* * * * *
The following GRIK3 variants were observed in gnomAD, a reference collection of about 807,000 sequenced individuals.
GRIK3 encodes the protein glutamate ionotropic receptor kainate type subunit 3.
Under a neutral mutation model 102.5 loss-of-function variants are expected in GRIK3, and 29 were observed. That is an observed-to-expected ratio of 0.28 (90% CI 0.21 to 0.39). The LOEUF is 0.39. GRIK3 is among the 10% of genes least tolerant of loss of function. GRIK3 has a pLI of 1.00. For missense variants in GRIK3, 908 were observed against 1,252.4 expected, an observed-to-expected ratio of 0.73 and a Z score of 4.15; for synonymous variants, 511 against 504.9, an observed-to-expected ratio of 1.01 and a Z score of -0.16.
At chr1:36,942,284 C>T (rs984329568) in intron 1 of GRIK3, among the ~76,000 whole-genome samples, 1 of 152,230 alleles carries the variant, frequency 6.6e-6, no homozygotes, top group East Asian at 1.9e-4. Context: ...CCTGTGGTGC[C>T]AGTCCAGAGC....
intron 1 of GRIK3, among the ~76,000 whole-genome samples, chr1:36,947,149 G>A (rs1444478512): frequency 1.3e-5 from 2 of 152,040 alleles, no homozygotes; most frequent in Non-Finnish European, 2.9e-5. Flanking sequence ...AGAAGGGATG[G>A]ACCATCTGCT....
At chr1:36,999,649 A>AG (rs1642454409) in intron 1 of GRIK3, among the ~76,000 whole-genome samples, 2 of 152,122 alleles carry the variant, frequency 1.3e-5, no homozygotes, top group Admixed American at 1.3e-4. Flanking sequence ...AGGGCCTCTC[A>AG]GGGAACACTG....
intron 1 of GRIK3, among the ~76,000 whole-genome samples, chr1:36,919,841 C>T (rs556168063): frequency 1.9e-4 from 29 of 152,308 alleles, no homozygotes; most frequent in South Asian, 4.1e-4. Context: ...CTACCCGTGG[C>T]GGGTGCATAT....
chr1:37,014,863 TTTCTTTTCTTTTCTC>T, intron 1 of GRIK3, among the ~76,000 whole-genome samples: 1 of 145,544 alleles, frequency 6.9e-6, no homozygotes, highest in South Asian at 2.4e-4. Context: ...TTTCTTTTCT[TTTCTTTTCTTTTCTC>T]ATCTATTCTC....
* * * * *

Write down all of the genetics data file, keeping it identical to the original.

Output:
The following GRIK3 variants were observed in gnomAD, a reference collection of about 807,000 sequenced individuals.
GRIK3 encodes the protein glutamate ionotropic receptor kainate type subunit 3.
Under a neutral mutation model 102.5 loss-of-function variants are expected in GRIK3, and 29 were observed. That is an observed-to-expected ratio of 0.28 (90% CI 0.21 to 0.39). The LOEUF is 0.39. GRIK3 is among the 10% of genes least tolerant of loss of function. GRIK3 has a pLI of 1.00. For missense variants in GRIK3, 908 were observed against 1,252.4 expected, an observed-to-expected ratio of 0.73 and a Z score of 4.15; for synonymous variants, 511 against 504.9, an observed-to-expected ratio of 1.01 and a Z score of -0.16.
At chr1:36,942,284 C>T (rs984329568) in intron 1 of GRIK3, among the ~76,000 whole-genome samples, 1 of 152,230 alleles carries the variant, frequency 6.6e-6, no homozygotes, top group East Asian at 1.9e-4. Context: ...CCTGTGGTGC[C>T]AGTCCAGAGC....
intron 1 of GRIK3, among the ~76,000 whole-genome samples, chr1:36,947,149 G>A (rs1444478512): frequency 1.3e-5 from 2 of 152,040 alleles, no homozygotes; most frequent in Non-Finnish European, 2.9e-5. Flanking sequence ...AGAAGGGATG[G>A]ACCATCTGCT....
At chr1:36,999,649 A>AG (rs1642454409) in intron 1 of GRIK3, among the ~76,000 whole-genome samples, 2 of 152,122 alleles carry the variant, frequency 1.3e-5, no homozygotes, top group Admixed American at 1.3e-4. Flanking sequence ...AGGGCCTCTC[A>AG]GGGAACACTG....
intron 1 of GRIK3, among the ~76,000 whole-genome samples, chr1:36,919,841 C>T (rs556168063): frequency 1.9e-4 from 29 of 152,308 alleles, no homozygotes; most frequent in South Asian, 4.1e-4. Context: ...CTACCCGTGG[C>T]GGGTGCATAT....
chr1:37,014,863 TTTCTTTTCTTTTCTC>T, intron 1 of GRIK3, among the ~76,000 whole-genome samples: 1 of 145,544 alleles, frequency 6.9e-6, no homozygotes, highest in South Asian at 2.4e-4. Context: ...TTTCTTTTCT[TTTCTTTTCTTTTCTC>T]ATCTATTCTC....